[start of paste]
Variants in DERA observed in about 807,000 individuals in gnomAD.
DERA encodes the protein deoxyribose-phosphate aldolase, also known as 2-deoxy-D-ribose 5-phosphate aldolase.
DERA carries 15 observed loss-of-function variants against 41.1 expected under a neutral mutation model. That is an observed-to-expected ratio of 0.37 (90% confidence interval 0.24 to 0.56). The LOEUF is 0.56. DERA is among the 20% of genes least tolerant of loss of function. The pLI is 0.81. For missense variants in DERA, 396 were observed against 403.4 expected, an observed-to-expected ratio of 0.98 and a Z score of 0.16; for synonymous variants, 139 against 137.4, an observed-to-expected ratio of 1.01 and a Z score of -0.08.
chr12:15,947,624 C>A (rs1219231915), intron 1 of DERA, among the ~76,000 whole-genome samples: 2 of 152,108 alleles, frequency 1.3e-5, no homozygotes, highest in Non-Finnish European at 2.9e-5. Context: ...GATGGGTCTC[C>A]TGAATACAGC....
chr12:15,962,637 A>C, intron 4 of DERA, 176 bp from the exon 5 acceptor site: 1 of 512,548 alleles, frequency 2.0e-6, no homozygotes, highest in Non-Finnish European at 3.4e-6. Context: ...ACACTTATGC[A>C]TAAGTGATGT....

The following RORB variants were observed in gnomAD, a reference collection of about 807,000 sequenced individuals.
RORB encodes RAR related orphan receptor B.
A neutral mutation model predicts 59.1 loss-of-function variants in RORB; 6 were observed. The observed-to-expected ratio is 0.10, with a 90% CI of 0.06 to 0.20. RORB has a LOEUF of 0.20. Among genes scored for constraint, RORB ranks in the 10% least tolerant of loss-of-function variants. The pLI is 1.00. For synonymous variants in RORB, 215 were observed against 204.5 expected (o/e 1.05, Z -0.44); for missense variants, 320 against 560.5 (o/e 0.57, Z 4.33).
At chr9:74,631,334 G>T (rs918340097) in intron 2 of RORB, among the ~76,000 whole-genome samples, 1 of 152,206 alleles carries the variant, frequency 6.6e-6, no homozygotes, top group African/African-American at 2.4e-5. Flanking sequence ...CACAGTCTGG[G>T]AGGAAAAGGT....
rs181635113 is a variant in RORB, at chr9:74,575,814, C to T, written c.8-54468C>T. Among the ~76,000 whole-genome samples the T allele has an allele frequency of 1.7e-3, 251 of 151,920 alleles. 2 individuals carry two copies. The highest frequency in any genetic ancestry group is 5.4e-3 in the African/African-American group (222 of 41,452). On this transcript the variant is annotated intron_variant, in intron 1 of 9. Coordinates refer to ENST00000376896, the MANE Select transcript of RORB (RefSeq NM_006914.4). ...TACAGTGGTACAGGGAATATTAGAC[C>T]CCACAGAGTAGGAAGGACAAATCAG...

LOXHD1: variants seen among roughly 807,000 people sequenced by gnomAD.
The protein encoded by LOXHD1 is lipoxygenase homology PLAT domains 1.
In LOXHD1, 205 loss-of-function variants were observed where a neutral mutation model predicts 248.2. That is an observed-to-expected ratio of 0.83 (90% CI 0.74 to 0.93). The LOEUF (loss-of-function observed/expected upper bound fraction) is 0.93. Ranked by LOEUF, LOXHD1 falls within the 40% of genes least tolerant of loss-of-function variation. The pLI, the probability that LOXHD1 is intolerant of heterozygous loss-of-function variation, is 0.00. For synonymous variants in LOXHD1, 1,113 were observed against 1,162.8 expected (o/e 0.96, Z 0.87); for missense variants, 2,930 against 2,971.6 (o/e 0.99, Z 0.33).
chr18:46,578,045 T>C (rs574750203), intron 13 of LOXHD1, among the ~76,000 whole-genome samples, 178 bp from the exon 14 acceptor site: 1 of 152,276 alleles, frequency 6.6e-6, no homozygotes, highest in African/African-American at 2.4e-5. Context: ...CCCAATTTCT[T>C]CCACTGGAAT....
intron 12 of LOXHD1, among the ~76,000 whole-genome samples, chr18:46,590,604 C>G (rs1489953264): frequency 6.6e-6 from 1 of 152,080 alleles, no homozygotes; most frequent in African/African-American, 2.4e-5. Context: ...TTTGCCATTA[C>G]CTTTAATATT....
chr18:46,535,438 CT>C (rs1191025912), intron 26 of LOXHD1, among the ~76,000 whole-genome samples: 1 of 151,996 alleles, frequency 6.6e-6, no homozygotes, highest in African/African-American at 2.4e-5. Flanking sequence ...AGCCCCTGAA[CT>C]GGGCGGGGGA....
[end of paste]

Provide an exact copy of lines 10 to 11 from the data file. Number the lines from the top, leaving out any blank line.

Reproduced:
rs181635113 is a variant in RORB, at chr9:74,575,814, C to T, written c.8-54468C>T. Among the ~76,000 whole-genome samples the T allele has an allele frequency of 1.7e-3, 251 of 151,920 alleles. 2 individuals carry two copies. The highest frequency in any genetic ancestry group is 5.4e-3 in the African/African-American group (222 of 41,452). On this transcript the variant is annotated intron_variant, in intron 1 of 9. Coordinates refer to ENST00000376896, the MANE Select transcript of RORB (RefSeq NM_006914.4). ...TACAGTGGTACAGGGAATATTAGAC[C>T]CCACAGAGTAGGAAGGACAAATCAG...

LOXHD1: variants seen among roughly 807,000 people sequenced by gnomAD.